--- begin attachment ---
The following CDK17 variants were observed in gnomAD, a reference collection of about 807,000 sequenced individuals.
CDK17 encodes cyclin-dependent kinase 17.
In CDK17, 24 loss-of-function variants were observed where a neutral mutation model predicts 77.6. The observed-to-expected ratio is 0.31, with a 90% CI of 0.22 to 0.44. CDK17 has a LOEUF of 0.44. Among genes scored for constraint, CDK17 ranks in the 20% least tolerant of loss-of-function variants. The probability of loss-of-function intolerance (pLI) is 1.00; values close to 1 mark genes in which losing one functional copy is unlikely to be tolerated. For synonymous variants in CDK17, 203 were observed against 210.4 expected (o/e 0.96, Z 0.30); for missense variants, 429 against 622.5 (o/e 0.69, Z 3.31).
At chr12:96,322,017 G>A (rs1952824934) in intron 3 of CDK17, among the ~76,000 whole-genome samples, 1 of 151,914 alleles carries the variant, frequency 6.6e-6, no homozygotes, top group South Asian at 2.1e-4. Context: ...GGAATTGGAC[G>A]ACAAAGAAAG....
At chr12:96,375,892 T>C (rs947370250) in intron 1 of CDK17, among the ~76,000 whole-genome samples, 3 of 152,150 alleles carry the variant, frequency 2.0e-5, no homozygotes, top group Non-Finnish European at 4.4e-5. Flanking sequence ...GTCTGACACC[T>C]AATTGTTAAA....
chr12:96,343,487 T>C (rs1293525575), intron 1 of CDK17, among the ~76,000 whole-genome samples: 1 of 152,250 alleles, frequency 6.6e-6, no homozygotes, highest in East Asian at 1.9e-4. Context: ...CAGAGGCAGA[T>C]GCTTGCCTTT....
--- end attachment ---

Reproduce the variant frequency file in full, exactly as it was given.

The following CDK17 variants were observed in gnomAD, a reference collection of about 807,000 sequenced individuals.
CDK17 encodes cyclin-dependent kinase 17.
In CDK17, 24 loss-of-function variants were observed where a neutral mutation model predicts 77.6. The observed-to-expected ratio is 0.31, with a 90% CI of 0.22 to 0.44. CDK17 has a LOEUF of 0.44. Among genes scored for constraint, CDK17 ranks in the 20% least tolerant of loss-of-function variants. The probability of loss-of-function intolerance (pLI) is 1.00; values close to 1 mark genes in which losing one functional copy is unlikely to be tolerated. For synonymous variants in CDK17, 203 were observed against 210.4 expected (o/e 0.96, Z 0.30); for missense variants, 429 against 622.5 (o/e 0.69, Z 3.31).
At chr12:96,322,017 G>A (rs1952824934) in intron 3 of CDK17, among the ~76,000 whole-genome samples, 1 of 151,914 alleles carries the variant, frequency 6.6e-6, no homozygotes, top group South Asian at 2.1e-4. Context: ...GGAATTGGAC[G>A]ACAAAGAAAG....
At chr12:96,375,892 T>C (rs947370250) in intron 1 of CDK17, among the ~76,000 whole-genome samples, 3 of 152,150 alleles carry the variant, frequency 2.0e-5, no homozygotes, top group Non-Finnish European at 4.4e-5. Flanking sequence ...GTCTGACACC[T>C]AATTGTTAAA....
chr12:96,343,487 T>C (rs1293525575), intron 1 of CDK17, among the ~76,000 whole-genome samples: 1 of 152,250 alleles, frequency 6.6e-6, no homozygotes, highest in East Asian at 1.9e-4. Context: ...CAGAGGCAGA[T>C]GCTTGCCTTT....